The first heavy frost will kill the geraniums in the garden. Why not try to save them, also the coleus and wax begonias, grow them indoors during the winter and plant them outdoors again next spring? It can be done.

The geraniums will need a window sill where they can get sunlight. Impatiens is not recommended for bringing indoors, it requires humidity than that in an average home.

Dig the geraniums and pot them. No matter how carefully you do it, many of the roots are going to be left behind. To balance the top with the reduced root system, severe pruning is necessary.

Remove the weak growth entirely, cut out all but three or four of the main stems and prune these back so that only about three buds or eyes are left on each. Young branches should develop from these buds.

If there is no sunny window, put them where they will get the best light possible. Water when necessary but be careful not to do it too often. Once a week should be adequate. The dry air in the home is okay for them. Ideal temperatures range from 60 to 65 at night and 70 to 75 during the day. The night temperature can go as low as 40 without hurting them.

The stems that were cut off can be used as cuttings. A cutting should be four to five inches long. Flower buds should be removed, but three or four leaves left on above the potting line.

The rooting medium should be three to four inches deep and located in at least partial shade. Coarse clean sand can be used, also vermiculite or perlite. The addition of peat at a one to one ratio by volume to sand, vermiculite or perlite will also give good results.

There is another wintering-over method that sometimes works. Pull up the plants before first frost and put each in a clay pot with ordinary soil. Set them on the cellar cement floor. Don't water or do anything to them. They will die down but in the spring leaves may come out on the seemingly dead stems. The temperature in the cellar should be 55 to 60.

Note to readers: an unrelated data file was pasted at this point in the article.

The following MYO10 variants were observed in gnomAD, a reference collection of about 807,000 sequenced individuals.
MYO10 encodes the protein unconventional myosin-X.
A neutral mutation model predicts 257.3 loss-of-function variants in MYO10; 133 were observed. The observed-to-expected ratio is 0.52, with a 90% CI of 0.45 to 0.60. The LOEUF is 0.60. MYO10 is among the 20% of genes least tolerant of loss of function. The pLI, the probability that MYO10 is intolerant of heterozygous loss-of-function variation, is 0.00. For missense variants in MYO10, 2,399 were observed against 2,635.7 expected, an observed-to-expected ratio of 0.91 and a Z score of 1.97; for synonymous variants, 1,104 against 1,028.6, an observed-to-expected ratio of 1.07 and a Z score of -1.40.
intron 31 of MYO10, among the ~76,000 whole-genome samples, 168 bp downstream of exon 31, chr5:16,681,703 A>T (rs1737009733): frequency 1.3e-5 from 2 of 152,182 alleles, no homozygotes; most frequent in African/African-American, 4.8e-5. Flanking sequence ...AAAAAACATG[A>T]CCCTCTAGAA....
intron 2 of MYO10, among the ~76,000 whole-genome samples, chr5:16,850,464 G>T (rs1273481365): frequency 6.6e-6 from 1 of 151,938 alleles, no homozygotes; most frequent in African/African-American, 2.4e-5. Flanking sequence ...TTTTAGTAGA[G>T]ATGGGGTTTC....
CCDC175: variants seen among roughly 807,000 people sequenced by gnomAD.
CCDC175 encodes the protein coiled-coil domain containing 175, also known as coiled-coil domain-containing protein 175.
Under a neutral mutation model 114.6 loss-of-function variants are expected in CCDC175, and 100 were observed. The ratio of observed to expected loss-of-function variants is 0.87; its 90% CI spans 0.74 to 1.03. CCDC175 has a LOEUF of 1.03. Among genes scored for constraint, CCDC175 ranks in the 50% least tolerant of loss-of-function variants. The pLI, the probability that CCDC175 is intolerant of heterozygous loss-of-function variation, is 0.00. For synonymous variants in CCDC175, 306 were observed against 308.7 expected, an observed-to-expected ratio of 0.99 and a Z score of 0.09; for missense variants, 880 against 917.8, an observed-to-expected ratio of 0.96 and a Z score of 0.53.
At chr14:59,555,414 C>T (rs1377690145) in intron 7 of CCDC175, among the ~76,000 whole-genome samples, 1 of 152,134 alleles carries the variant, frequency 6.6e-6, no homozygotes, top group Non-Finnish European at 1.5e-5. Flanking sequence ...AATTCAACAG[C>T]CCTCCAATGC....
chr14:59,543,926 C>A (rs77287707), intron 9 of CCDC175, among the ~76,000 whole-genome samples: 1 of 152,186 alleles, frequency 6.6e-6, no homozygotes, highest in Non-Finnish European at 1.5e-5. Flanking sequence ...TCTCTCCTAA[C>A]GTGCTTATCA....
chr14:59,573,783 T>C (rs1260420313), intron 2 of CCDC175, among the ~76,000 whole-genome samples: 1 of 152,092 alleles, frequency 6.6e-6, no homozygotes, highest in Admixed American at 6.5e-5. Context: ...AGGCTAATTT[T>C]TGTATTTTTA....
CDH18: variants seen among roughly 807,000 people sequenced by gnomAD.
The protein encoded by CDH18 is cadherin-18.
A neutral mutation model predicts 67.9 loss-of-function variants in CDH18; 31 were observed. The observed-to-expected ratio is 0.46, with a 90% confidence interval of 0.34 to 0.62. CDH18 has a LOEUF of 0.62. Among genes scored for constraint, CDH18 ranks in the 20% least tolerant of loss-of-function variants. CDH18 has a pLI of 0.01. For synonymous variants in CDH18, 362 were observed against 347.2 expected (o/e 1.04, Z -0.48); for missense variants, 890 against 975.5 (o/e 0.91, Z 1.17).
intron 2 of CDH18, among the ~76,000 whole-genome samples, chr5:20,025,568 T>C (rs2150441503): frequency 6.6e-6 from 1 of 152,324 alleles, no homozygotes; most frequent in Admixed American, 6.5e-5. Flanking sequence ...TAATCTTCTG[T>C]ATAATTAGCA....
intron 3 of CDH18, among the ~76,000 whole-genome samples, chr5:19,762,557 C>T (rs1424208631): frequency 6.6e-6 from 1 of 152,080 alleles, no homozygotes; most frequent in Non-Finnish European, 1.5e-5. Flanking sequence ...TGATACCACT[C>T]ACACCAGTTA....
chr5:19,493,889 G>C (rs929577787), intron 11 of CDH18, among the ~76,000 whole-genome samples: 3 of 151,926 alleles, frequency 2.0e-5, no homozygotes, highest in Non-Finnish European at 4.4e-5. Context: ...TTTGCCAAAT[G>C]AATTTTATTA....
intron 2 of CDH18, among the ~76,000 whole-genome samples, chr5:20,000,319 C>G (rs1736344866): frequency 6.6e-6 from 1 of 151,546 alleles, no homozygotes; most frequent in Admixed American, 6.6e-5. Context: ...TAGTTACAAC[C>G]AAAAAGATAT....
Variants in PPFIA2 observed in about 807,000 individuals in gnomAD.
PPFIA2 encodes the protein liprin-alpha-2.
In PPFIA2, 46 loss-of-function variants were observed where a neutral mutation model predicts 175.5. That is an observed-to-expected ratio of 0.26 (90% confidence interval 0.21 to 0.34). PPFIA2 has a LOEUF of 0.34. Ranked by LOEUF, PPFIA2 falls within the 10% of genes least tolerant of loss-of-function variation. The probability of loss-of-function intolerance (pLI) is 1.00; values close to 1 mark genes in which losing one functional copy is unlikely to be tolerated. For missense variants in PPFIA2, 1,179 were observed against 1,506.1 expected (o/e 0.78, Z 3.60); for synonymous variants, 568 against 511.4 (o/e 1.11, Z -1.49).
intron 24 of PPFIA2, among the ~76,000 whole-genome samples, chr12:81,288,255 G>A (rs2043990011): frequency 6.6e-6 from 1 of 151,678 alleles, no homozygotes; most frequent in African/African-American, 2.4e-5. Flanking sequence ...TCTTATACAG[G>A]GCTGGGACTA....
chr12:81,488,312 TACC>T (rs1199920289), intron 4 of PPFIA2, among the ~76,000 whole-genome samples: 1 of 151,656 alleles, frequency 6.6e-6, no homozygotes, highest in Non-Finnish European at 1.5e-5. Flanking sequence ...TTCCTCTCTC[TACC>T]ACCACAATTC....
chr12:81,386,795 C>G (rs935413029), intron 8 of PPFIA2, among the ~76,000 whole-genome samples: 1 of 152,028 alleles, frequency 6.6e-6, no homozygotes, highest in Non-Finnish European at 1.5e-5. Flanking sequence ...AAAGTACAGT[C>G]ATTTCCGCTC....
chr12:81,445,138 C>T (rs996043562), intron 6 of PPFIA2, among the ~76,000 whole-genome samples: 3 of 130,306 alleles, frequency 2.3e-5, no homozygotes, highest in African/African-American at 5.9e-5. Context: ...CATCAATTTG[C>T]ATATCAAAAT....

Coleus and wax begonias can be potted the same as geraniums. Coleus can be grown in water, also geraniums. Take a big cuttings, remove the bottom leaves and put them in a glass of water. Q: Every year the birds go after our grapes when they start to ripen. Can we ripen them in the house ? A: Grapes do not mature ans improve in quality after being picked. They must develop all of their sugar and fine flavor while still on the vine. Tie a plastic or paper bag over each bunch. It will protect them from the birds and the grapes will ripen naturally. Q: We have a wonderful crop of onions this year. Can you tell me how to store them for winter use ? A: Select a storage place that is cool, dry and well ventilated. The ideal temperature is 32 to 36 degrees. Onions should be mature before harvesting. The green tops should have fallen over and partially dried. The onion necks must be bone dry. Q: Several pine trees are growing too close to the foundation of our home. Can they be dug by hand and transplanted with a reasonable chance of survival? A: It may be possible to save them by root pruning. Mark a circle around each tree, three to four feet in diameter. Dig a trench two, three feet deep arond one-fourth of the circle, cutting off the roots, and another trench opposite it also one-fourth of the circle. Do this in early April just before new root growth starts. The roots that remain on the other one-half will sustain the tree while new roots form inside the circle. In early July dig a trench around the other half. Put a strip of tin in the trenches and refill them with dirt. The following spring, in early April, open up the trenches, get the tree loose and plant it elsewhere. Be sure not to plant the tree deeper than it was before. The roots would not be able to get adequate oxygen and in time would die. Q: I planted strawberry plants last spring, how can I protect them if we have another bad winter? A: Alternate freezing and thawing can cause the plants to heave, thus breaking the roots; low temperatures also may cause injury to the crown of the plant. A mulch 3 to 4 inches deep, applied after a couple of killing frosts, will help prevent injury. Straw or pine needles are very good. Leave the mulch on until the plants show a yellowish-green color in the spring. This will help to produce later berries, avoid spring frosts, conserve moisture and control weeds. Q: We grow sweet potatoes but don't seem to be able to keep them very long . A: They should be dug a short time before killing frost. Use a spading fork, be careful not to bruise or injure the roots. Cure them for 4 to 10 days in a warm moist place, the ideal temperature is 85 degrees and relative humidity 90 percent. Keep in mind that the sweet potatoes are alive and respiring, and the rate of respiration is higher at high temperatures. After curing store the sweet potatoes at about 55 degrees and at as high a humidity as can be maintained. Ninety percent humidity is ideal. If you store them outside, take care not to let them freeze. Q: I planted 2-year old apple trees last spring and they are now five feet tall. Should I put large plastic bags over then to protect them from severely cold weather this winter ? A: The trees should survive without the plastic if given a 4 or 5 inch mulch of tree bark or something similar, shaded to keep the sun from shining on them, and sheltered from the wind. If hardened properly, they should stand quite cold temperatures and the mulch will prevent the soil from freezing deeply. Q: Every year I plant grass seed in our lawn, the grass comes up but in a short time dies. What could cause this ? A: Probably 90 percent of grass seedlings die due to lack of moisture following germination. The upper inch of soil should never be allowed to dry out. If rainfall is scarce, water once and preferably twice daily to keep the soil moist until the seedling plants are well established. Don't put too much water each time, just enought to moisten the upper inch. Q: We had wonderful luck with parsnips this year. How should they be stored ? A: Parsnips are usually left in the ground until late in the fall, or even throughout the winter. Where severe freezing occurs in the winter, it is advisable to dig the roots in the fall and store them in outdoor trenches so they can be available when you want them even when the ground is frozen to a depth of 6 to 8 inches. Be careful not to break the roots. Q: Sometimes the leaves on my tomato plants roll up and stay that way all afternoon. Is it a serious problem ? A: Researchers don't know exactly what causes it but assume it's the plant's way of controlling water loss during hot, dry weather. As far as anyone knows it does no harm to the plant. Some varieties seem to roll their leaves more than others. Q: A jelly-like substance is coming from the trunk of my peach tree near the ground. Is this normal ? A: When a peach or nectarine tree has been damaged by a lawn mower or borers, sap that becomes a jelly-like substance shows up. Scrape away the jelly and insert a wire in the hole and kill the borers, if there are any there.